There appears to be a lot of expertise amongst the members of this site regarding solving nested radicals, so I thought I'd share a challenging one for your radical enjoyment:

\(f(x) = \displaystyle\sqrt{x + \sqrt{\frac{x}{2} + \sqrt{\frac{x}{4} + \sqrt{\frac{x}{8} + \sqrt{\frac{x}{16} + \sqrt{\frac{x}{32} + ......}}}}}}\).

The hope is that there is an exact solution, if only for \(f(1)\) if not for \(f(x)\) in general. I suppose one interesting feature of this function is that \((f(x))^{2} - x = f(\frac{x}{2})\). I'm sure that there are many more interesting features waiting to be discovered.

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## Comments

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TopNewestYour problem does not have closed form but

\[\sqrt{ x + \sqrt{\frac{x}{2} + \sqrt{\frac{x}{4} + \sqrt{\frac{x}{16} + \sqrt{\frac{x}{256} + \ldots}}}}}\]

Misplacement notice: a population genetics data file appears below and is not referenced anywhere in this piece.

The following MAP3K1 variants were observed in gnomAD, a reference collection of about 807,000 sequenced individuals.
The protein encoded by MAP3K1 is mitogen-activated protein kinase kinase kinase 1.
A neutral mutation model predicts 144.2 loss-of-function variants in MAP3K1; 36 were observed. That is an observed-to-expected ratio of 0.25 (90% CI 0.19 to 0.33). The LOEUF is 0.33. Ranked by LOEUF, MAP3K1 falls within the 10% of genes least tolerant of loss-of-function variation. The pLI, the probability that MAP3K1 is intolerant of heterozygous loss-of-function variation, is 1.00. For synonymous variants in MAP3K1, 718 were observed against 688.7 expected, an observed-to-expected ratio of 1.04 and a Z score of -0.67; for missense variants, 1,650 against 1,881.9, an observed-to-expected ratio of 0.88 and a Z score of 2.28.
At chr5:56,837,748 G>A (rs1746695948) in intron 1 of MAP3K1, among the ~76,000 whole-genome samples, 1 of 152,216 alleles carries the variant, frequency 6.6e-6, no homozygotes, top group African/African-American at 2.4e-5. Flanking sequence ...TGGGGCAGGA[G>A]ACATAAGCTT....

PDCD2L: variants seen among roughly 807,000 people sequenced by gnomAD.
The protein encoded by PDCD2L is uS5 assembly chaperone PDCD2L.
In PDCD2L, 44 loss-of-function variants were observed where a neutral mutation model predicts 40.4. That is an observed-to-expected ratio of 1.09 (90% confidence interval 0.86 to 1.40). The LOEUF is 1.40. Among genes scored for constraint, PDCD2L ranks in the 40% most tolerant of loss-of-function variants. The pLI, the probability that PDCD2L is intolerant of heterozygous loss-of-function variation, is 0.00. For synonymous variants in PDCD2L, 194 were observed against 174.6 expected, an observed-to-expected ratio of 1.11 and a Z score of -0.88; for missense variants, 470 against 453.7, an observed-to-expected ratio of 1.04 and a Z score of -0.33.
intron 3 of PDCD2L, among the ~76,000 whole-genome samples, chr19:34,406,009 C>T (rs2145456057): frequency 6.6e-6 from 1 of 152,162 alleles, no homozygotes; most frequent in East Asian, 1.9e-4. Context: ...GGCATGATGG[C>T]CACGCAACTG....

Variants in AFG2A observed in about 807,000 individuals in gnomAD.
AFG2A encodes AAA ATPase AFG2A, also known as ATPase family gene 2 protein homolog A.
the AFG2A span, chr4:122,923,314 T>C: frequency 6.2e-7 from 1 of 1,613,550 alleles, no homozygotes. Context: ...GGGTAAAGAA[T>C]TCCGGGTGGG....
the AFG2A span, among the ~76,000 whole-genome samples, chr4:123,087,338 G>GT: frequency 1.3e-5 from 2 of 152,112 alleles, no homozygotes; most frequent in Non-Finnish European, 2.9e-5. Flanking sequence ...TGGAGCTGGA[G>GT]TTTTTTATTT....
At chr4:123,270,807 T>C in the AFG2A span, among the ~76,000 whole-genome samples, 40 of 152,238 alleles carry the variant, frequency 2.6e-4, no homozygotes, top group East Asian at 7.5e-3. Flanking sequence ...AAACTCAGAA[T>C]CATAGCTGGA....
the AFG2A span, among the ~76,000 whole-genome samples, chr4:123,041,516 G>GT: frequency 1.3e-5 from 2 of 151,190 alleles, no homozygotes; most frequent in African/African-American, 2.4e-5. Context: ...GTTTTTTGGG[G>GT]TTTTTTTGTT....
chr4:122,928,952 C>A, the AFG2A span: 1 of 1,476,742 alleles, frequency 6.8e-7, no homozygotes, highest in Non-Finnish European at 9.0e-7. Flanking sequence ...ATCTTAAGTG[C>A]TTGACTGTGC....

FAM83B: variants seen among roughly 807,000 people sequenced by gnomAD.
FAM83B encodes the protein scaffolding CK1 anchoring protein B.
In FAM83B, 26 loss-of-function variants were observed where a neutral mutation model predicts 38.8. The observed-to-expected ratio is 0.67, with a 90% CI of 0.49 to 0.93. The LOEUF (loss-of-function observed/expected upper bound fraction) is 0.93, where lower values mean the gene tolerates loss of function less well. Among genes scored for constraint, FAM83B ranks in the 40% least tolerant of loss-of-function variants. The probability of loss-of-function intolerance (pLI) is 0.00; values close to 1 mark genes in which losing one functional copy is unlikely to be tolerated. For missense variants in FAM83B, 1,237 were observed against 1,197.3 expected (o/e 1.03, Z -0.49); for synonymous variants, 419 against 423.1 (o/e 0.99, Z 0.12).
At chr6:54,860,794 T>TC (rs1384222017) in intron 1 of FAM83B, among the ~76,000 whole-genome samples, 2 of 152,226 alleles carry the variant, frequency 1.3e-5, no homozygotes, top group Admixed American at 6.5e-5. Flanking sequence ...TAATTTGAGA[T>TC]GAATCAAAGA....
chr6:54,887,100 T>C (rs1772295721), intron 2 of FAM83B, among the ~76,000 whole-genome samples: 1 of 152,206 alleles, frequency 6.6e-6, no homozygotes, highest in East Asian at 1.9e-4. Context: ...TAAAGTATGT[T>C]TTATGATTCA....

Can have a closed form

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It does? Cool. I'll have to figure out what that is, then.

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I was solving your radical and did a mistake and I solved the above radical :p, now I will post a problem on this ;)

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My bet is that there isn't any closed form expression for this, not even in the special case of \(x=1\).

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You're probably right, but I'm getting used to seeing rabbits being pulled out of hats so I thought I'd post the problem just in case.

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f(x) = 2sqrt(x)

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For higher degree of radicals f(x)= nth root of 2x

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Could it be written in this fashion?

\(f(x) = \sqrt{\sum_{i=0} \frac{f(x)}{2^{i}}} \)

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no.. I think the 'x' terms under summation are missing and 'i' should start from 1 instead of 0.. if I'm not wrong.

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It's a recursive function. I thought "i" should start from 0 since the first term is "x", not "x/2"

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